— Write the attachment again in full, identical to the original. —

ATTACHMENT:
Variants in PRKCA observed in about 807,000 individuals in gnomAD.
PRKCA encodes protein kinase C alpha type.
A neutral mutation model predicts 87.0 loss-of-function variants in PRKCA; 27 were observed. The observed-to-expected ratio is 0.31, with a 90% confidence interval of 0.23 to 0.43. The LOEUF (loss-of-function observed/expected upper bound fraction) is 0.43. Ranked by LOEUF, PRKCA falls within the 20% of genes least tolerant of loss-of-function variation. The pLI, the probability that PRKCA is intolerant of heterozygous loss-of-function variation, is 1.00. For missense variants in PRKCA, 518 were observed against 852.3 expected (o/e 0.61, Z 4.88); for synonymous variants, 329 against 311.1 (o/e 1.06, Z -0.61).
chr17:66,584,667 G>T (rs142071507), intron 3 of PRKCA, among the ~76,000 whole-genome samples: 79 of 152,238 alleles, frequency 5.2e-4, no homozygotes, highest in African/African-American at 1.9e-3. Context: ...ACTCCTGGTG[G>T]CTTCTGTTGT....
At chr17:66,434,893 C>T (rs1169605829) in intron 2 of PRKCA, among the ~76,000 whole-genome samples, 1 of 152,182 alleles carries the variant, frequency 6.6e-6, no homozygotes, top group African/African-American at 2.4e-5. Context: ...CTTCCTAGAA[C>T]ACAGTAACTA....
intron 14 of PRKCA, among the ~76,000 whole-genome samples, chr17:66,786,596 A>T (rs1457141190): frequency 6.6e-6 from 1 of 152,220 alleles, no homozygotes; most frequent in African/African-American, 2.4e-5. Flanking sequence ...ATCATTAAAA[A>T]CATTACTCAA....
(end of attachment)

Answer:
Variants in PRKCA observed in about 807,000 individuals in gnomAD.
PRKCA encodes protein kinase C alpha type.
A neutral mutation model predicts 87.0 loss-of-function variants in PRKCA; 27 were observed. The observed-to-expected ratio is 0.31, with a 90% confidence interval of 0.23 to 0.43. The LOEUF (loss-of-function observed/expected upper bound fraction) is 0.43. Ranked by LOEUF, PRKCA falls within the 20% of genes least tolerant of loss-of-function variation. The pLI, the probability that PRKCA is intolerant of heterozygous loss-of-function variation, is 1.00. For missense variants in PRKCA, 518 were observed against 852.3 expected (o/e 0.61, Z 4.88); for synonymous variants, 329 against 311.1 (o/e 1.06, Z -0.61).
chr17:66,584,667 G>T (rs142071507), intron 3 of PRKCA, among the ~76,000 whole-genome samples: 79 of 152,238 alleles, frequency 5.2e-4, no homozygotes, highest in African/African-American at 1.9e-3. Context: ...ACTCCTGGTG[G>T]CTTCTGTTGT....
At chr17:66,434,893 C>T (rs1169605829) in intron 2 of PRKCA, among the ~76,000 whole-genome samples, 1 of 152,182 alleles carries the variant, frequency 6.6e-6, no homozygotes, top group African/African-American at 2.4e-5. Context: ...CTTCCTAGAA[C>T]ACAGTAACTA....
intron 14 of PRKCA, among the ~76,000 whole-genome samples, chr17:66,786,596 A>T (rs1457141190): frequency 6.6e-6 from 1 of 152,220 alleles, no homozygotes; most frequent in African/African-American, 2.4e-5. Flanking sequence ...ATCATTAAAA[A>T]CATTACTCAA....